"Skippy’s been around since, what, 1961? Skippy is Boston history."
"We wanted to make sure if you were playing a show, before or after us, you were terrified because we made it impossible for you to top what the crowd just saw."
"If a title is strong, unusual or funny, it’s because those are the type of things that will drive me to write a song for that title.”
"There are many moments on the record that are inspired by people who either play in the city or have come through on tour that I discovered. It comes from a lot of local stuff, believe it or not."
"I know this is really random, but you’re like a Boston Greek dad rapper and construction worker and I can totally get you on a show."
Both directed by Jay Hunt of Smoke House Media, they’re back-to-back proud Boston bangers with enough fuel to power the region through the winter and spring until we get the next crop of summer anthems.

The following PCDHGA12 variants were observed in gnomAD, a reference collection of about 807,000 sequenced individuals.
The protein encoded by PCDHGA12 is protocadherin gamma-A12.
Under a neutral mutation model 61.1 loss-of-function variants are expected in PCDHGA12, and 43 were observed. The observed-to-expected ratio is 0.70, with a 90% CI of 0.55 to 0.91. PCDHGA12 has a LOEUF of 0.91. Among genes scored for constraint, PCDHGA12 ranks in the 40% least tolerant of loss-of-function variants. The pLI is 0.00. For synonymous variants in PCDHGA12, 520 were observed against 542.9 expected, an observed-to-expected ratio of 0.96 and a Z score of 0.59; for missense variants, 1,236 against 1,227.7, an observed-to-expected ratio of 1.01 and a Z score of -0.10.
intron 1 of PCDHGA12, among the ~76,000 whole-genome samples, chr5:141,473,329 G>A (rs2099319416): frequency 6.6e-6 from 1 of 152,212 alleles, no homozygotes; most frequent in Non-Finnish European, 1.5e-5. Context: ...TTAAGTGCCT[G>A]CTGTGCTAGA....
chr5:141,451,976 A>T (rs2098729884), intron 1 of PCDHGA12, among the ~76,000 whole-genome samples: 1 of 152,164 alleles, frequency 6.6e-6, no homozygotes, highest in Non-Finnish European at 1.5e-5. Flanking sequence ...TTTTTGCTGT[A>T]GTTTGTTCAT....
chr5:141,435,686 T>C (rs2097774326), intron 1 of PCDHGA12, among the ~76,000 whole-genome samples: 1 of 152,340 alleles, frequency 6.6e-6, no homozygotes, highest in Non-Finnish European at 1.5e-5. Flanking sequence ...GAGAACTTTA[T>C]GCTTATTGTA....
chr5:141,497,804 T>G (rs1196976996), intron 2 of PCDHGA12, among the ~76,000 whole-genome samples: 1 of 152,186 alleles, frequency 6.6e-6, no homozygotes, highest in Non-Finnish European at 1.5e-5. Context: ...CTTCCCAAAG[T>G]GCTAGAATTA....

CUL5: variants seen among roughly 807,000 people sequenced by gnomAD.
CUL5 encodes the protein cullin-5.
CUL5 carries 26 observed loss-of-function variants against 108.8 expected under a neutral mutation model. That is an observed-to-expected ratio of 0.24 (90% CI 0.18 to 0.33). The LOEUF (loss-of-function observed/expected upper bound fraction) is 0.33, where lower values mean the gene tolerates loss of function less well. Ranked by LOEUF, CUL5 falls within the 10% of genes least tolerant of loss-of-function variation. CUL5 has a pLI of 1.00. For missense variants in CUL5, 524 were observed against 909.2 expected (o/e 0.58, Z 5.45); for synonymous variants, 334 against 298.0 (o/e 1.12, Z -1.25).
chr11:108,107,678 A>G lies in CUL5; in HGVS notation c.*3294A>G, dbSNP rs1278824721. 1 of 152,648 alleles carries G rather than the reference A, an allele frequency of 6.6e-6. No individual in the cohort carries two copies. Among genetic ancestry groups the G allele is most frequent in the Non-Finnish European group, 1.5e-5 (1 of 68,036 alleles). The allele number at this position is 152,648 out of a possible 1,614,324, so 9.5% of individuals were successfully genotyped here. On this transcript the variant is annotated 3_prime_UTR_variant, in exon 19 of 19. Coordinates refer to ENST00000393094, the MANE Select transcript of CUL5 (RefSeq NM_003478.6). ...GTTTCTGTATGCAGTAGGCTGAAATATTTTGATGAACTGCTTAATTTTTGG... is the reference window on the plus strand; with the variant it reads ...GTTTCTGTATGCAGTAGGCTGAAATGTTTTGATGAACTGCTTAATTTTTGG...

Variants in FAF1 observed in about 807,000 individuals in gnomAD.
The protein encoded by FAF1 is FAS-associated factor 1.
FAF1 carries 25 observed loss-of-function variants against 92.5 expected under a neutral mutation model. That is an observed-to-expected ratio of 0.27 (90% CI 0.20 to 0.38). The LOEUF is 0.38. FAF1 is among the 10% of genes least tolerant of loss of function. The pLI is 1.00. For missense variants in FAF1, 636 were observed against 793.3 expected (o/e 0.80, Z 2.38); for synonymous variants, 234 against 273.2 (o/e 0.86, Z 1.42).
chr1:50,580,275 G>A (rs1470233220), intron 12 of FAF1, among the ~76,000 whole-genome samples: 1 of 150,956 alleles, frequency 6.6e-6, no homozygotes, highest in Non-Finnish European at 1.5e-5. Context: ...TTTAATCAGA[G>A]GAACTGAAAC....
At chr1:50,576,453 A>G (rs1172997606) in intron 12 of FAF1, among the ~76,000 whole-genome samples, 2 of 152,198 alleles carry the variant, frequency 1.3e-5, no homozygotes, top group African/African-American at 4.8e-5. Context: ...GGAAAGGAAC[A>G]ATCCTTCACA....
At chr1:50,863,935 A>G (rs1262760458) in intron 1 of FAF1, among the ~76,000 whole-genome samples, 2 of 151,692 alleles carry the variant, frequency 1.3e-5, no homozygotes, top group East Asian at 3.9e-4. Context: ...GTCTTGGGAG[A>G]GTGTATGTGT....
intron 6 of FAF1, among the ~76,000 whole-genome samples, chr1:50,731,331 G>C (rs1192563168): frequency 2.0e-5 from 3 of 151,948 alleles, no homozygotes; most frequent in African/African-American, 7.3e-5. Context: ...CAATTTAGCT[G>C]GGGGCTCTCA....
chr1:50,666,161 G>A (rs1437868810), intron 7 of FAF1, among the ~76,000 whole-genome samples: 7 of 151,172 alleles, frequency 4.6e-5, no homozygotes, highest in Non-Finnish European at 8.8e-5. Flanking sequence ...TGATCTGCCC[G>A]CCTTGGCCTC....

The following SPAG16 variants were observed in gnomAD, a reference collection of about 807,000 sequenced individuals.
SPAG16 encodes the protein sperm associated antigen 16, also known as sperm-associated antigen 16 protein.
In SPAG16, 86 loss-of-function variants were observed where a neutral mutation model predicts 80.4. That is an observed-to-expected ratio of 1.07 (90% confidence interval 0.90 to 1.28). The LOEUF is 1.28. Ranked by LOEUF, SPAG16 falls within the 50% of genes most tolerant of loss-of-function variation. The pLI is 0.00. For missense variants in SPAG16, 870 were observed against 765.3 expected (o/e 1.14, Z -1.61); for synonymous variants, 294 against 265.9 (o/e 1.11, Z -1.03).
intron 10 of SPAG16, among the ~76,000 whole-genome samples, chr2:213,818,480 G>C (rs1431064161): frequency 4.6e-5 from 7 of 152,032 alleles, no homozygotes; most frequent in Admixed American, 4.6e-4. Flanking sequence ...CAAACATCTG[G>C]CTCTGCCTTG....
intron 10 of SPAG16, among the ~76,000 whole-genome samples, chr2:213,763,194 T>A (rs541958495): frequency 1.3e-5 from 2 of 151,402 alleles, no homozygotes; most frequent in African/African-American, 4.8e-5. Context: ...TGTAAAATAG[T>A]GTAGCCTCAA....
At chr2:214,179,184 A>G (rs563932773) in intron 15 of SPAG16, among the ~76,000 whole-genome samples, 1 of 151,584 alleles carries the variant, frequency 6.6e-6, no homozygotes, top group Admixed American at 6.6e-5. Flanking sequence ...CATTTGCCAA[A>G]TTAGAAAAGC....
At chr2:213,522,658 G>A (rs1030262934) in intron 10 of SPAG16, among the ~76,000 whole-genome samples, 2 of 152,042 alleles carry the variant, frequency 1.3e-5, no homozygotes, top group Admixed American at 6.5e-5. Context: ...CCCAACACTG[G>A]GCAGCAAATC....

There’s a debate about what was the golden era of BCN. Was it ’68 to ’72, when announcers were turning people on to music?
"I feel very humbled by it. It’s crazy … starting when we did and now I’m 25 doing this."
Here, five individuals associated with RAR share their memories of Boston back then, what they gained from having RAR in their lives, and how, in 2019, we can continue to honor the groundwork RAR laid for a better Boston.
"You can’t build a sustainable movement if you aren’t rooted in some type of theory, some type of text, some type of work that’s already been done before."